Techstrong Group

Over a third of U.S. retailers are eight weeks from shutting their doors, according to a survey by Brightpearl. With retailers facing increasing costs and a shortage of goods, it’s unclear if they’ll be able to weather the storm for much longer. Brightpearl, a global provider of retail operating solutions, surveyed 500 U.S. retailers to evaluate the crisis. 

COVID-19 and other global factors have had lasting effects on the global supply chain, causing major disruptions and production delays that are predicted to roll into 2023. According to the survey, 80% of retailers have been hit with these supply problems in the last year, while over a half of shops and ecommerce brands have experienced stockouts, resulting in a loss of sales. 

“We are in the worst supply chain crisis that any of us can remember and there is no sign of the problems easing before the end of the year,” said Brightpearl CEO Derek O’Carroll. 

The severity of the crisis is overwhelming, as 31% of retail businesses are in danger of running out of cash within just eight weeks. Specifically, small businesses are being trampled by supply chain issues, which poses a much larger threat to the U.S. economy. Small businesses, defined as having 500 or fewer employees, represent 54% of all U.S. sales and have provided 55% of all jobs since the 1970s, according to the U.S. Small Business Administration. 

The survey also found that a shortage of goods was the biggest supply problem, impacting a whopping 67% of respondents. However, there have been a number of other issues faced by retailers, with 59% experiencing increased shipping costs, 52% facing stockouts and 47% affected by the increased prices of raw materials. 

“For retailers, the problems could be particularly severe as they prepare for autumn and peak trading in the months building up to the Holiday season,” said O’Carroll. “We are still in the relatively early stages of this crisis with the impact of the war in Ukraine and other global factors only just starting to really hit home.”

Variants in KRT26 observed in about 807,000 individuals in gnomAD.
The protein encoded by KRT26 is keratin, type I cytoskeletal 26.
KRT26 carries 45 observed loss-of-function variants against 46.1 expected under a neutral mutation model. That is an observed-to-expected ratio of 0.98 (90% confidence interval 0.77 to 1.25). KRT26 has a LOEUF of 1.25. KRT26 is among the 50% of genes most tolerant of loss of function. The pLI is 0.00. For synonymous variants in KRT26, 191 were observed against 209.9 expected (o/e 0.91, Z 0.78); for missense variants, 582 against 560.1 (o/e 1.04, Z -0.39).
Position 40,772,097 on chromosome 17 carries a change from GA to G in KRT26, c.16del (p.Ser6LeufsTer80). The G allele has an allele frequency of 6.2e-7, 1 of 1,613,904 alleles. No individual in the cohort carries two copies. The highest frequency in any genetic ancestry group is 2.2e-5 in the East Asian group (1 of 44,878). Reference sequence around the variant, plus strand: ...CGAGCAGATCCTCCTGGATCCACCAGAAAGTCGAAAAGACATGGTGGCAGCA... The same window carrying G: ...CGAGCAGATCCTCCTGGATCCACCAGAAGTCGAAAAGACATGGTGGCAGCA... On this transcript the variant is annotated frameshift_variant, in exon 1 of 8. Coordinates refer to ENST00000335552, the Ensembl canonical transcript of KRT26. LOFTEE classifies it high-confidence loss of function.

Although the prospect of shutting down only affects certain retailers, many more may be affected by customer satisfaction-related issues. In the last 12 months, 35% of Americans have found a product is sold out or unavailable when they came to order online, and 32% said they bought a brand in the last year because an item was out-of-stock at their regular supplier. With this, customer loyalty is as volatile as it’s ever been. “It’s important to be honest with customers who are well aware that we are in a global crisis and will be more tolerant of delays than they would be in less turbulent times,” said O’Carroll. 

The situation is grave, but there are still measures retailers can take to mitigate the crisis. For one, companies like Brightpearl offer demand planning softwares, which help retailers eliminate stock sell-outs, manage longer lead times, monitor supplier performance and, most importantly, save money. 

With technological solutions being a potential lifesaver, it’s imperative that retailers act accordingly. Despite this, only 30% of retailers are planning to invest in technology or new vendor partners. 

“US firms are going to need to plan for months of further turmoil and issues over stock, which can result in unhappy customers and major cash flow issues,” said O’Carroll. “It doesn’t need to be that way though; the key message is get your demand planning right, and utilize tools and technologies that can help. It will underpin purchasing of goods, marketing and pricing strategies, staffing levels and ultimately support business growth.”

Today’s situation should be a wakeup call to businesses to begin their digital transformation initiatives, if they haven’t already, so they will be better prepared for similar events in the future.